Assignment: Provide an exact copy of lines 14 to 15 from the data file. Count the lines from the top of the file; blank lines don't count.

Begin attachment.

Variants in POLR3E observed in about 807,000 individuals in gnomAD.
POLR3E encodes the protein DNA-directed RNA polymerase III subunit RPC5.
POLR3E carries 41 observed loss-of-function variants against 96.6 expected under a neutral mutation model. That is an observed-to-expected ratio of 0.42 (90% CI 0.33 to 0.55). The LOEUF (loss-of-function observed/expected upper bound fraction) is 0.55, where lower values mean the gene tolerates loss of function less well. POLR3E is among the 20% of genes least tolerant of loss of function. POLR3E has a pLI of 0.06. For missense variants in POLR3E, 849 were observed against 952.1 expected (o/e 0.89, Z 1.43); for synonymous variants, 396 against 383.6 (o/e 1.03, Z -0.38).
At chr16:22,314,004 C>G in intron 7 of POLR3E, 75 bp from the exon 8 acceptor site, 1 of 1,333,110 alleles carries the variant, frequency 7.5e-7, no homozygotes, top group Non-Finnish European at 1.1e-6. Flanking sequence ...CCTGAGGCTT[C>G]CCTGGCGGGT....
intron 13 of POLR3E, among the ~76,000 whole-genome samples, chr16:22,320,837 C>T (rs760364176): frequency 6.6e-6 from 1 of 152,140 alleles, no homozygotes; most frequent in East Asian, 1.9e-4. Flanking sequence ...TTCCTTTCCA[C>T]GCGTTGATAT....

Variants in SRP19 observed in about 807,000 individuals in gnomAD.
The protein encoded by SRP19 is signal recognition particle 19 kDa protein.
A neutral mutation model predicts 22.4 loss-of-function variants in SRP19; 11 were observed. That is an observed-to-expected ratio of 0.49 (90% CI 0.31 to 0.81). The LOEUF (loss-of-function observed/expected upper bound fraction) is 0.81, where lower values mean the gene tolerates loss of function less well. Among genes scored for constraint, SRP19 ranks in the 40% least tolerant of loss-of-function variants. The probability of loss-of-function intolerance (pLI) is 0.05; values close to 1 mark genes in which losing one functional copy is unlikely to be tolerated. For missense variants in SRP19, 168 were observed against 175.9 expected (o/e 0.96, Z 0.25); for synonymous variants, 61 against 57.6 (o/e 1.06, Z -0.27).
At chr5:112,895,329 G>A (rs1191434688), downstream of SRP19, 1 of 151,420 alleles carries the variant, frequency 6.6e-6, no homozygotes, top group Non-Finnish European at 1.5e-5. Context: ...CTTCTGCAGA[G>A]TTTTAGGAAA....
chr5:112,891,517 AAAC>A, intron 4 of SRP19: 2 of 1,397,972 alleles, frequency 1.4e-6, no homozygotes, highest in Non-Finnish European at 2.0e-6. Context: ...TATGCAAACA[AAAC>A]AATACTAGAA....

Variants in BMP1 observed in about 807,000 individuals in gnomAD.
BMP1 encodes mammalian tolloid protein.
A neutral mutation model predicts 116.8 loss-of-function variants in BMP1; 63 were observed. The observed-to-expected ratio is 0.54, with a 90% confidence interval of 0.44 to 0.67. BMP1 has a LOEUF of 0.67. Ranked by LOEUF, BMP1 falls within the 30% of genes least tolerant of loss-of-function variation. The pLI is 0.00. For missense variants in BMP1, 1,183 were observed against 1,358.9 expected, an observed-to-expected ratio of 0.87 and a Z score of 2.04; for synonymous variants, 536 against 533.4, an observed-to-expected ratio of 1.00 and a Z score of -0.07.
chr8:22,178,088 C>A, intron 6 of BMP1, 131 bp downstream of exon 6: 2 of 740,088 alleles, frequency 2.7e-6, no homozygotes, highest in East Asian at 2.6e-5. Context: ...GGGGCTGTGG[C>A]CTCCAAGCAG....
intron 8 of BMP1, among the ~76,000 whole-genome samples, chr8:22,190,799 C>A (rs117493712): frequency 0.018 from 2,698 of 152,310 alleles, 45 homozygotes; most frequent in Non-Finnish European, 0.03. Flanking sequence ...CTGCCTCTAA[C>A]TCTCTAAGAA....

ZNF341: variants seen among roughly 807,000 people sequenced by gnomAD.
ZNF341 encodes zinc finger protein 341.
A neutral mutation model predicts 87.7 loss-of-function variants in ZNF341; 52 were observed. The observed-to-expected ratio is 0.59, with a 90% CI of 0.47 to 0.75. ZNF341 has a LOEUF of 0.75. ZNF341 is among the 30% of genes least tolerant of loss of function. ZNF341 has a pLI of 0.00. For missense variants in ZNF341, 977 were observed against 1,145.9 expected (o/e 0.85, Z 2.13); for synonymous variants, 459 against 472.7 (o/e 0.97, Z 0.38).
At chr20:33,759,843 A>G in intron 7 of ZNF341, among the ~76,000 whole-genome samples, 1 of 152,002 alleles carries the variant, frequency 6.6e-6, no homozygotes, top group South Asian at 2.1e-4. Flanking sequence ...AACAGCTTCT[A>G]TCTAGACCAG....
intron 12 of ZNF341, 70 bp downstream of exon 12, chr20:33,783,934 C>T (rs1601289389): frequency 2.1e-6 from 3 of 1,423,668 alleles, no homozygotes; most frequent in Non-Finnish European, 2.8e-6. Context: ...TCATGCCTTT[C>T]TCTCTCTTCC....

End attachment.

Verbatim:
chr8:22,178,088 C>A, intron 6 of BMP1, 131 bp downstream of exon 6: 2 of 740,088 alleles, frequency 2.7e-6, no homozygotes, highest in East Asian at 2.6e-5. Context: ...GGGGCTGTGG[C>A]CTCCAAGCAG....
intron 8 of BMP1, among the ~76,000 whole-genome samples, chr8:22,190,799 C>A (rs117493712): frequency 0.018 from 2,698 of 152,310 alleles, 45 homozygotes; most frequent in Non-Finnish European, 0.03. Flanking sequence ...CTGCCTCTAA[C>A]TCTCTAAGAA....